(FOX 2) – A Michigan model’s identity was stolen by Nigerian romance scammers during the COVID-19 pandemic and was used to trick victims into sending money.
“I’m amazed at the audacity of some of these people,” said Tom Ersting. “There is a group of people in Nigeria who sit around a table and pick up identities and then they just mass-market this person.” And suddenly Ersting found himself thrust into the scam that lures women on dating sites with his attractive photos ultimately to hand over their money.
“It’s out of control. I get 10 to 15 messages a day from various sources,” he said.
Tom says from women from all over the world came to him with pleas like this: “‘Please tell me who you are. I’ve been talking to this person and I’m about to give them a thousand dollars.'”
He says it’s heartbreaking, breaking the news about what’s really going on.
“During COVID this has exploded. I am getting twice as many messages during COVID because people are lonely and they need that connection,” he said. “The one that hit me the worst was a woman who gave a guy her credit card number to a guy who was in a financial crunch and he just maxed out her credit card at $32,000 just like that.”
“Doesn’t matter if they’re educated or not educated. We’ve talked to doctors and laywers that have lost hundreds of thousands of dollars,” said David McClellan. He started SocialCatfish.com as a resource for victims. A catfish is is an online romance scammer.
He says he sees a 50/50 split of female and male targets.
“Maybe they were married for a long period of time and then were divorced or widowed and they don’t have any experience dating online,” McClellan said.
According to David, last year Americans lost $201 million to romance scammers. This year it’s expected to be much higher.
“If anybody asks you for money online, just move on. That’s the first step. Just really move on. If we stop giving these scammers money then we stop the problem. They’ll do something else,” McClellan said.
He also shared some tips, which you can see below, on not falling victim to a scam.
5 tricks romance scammers are using during COVID
- Cannot Meet Because of COVID: The hallmark of a catfish scammer is to come up with excuses why they cannot meet, such as pretending to be in the military overseas. The pandemic gives them a built-in excuse not to meet. Beware.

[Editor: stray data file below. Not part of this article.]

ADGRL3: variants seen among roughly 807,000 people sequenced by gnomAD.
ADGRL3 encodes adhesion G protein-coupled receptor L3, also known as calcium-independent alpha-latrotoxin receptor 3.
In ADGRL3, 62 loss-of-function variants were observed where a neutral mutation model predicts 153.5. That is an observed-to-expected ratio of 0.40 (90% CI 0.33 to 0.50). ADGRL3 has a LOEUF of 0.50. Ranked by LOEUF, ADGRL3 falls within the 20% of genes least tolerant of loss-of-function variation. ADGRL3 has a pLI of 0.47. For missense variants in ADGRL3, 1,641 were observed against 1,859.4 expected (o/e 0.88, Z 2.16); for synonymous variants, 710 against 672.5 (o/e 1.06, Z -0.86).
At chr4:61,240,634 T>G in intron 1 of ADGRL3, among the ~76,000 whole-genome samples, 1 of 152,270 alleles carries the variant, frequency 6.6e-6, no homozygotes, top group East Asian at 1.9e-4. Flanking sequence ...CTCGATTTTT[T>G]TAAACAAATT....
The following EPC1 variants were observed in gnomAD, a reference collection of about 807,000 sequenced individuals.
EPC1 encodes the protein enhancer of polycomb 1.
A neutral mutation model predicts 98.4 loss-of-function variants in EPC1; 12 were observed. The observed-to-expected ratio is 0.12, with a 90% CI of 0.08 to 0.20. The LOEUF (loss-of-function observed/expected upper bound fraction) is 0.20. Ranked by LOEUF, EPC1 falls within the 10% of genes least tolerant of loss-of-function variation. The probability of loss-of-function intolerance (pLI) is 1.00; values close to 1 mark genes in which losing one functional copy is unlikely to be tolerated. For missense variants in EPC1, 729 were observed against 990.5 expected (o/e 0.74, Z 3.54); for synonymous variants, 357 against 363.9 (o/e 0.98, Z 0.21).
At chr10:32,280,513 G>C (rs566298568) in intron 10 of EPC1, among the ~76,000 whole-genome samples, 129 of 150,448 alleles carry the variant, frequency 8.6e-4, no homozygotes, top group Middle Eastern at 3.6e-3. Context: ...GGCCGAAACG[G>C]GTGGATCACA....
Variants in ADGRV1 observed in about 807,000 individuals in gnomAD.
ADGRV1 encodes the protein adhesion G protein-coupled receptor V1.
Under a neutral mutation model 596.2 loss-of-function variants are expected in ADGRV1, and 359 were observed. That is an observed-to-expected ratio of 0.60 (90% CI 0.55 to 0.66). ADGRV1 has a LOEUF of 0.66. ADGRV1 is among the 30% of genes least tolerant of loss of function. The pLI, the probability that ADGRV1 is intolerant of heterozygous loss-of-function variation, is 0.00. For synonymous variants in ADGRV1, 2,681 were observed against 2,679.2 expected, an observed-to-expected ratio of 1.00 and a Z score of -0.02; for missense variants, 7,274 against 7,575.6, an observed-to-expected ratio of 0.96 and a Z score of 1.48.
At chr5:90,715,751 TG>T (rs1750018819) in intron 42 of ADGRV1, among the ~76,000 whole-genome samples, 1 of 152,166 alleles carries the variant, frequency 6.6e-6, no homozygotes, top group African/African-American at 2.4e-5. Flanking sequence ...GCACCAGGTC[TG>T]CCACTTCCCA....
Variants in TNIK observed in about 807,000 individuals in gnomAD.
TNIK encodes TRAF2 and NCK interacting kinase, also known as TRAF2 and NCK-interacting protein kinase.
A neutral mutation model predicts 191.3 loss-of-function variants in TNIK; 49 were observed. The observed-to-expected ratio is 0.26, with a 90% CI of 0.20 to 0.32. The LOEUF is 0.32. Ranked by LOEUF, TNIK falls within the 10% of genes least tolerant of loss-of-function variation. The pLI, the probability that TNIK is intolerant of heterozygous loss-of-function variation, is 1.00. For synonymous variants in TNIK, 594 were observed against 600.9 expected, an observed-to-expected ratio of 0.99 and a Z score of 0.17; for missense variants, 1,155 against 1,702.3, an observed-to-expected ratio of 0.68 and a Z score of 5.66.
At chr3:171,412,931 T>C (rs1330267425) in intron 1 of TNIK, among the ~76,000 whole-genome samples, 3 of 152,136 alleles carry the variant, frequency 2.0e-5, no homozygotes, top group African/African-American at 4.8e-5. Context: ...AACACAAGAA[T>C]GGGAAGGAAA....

- Need Money for a COVID Emergency: Once they form an emotional connection with lonely victims, they ask for money saying they are sick and need help with treatment, or are low on food, water, and other supplies. These are lies, as people who have never met do not ask you for money for an emergency, they would rely on family and friends.
- They Are Overly Sweet and Confessing Love Quickly: If you are stuck in your house with limited contact with your loved ones, then someone else’s sweet words can win you over, especially when they are confessing their undying love for you. Beware of someone who says overly sweet things that are too good to be true.
- Moving too Fast: Scammers are using the extra time at home to chat more often so they can build trust and drain your bank account faster. Beware if your relationship begins to move too fast.
- Do Not Want to Video Chat:The oldest excuse in the book… they cannot video chat with you because their video camera is supposedly “broken”, or they do not have the best access to Wi-Fi. These are red flags. The real reason they do not want to video chat with you is that they are pretending to be the person you see in the pictures and are not actually that person.
5 ways to avoid becoming a victim
- Never Give Money: Do not give anyone you meet online money, no matter the reason.
- Do not Give Personal Information: Scammers can use basic information to commit identity fraud, get access to your banks and steal your money.
- Take Things Slow: If you like someone online, do not let them rush you. Nigerian romance scammers will be pushy about falling in love right away. If that is the case, know something is not right.
- Meet or Video Chat: Do not form a relationship with someone who will not video chat with you or meet you in person.
- Compare Against the Published Nigerian Scam Playbook: Compare what they are saying to the playbook to see if it matches at all. If what the person sent you matches word-for-word to the text in the playbook or is similar to it, then that is a major red flag. This means they are probably copying and pasting everything they are telling you from a scammer’s playbook and will try to steal your money later.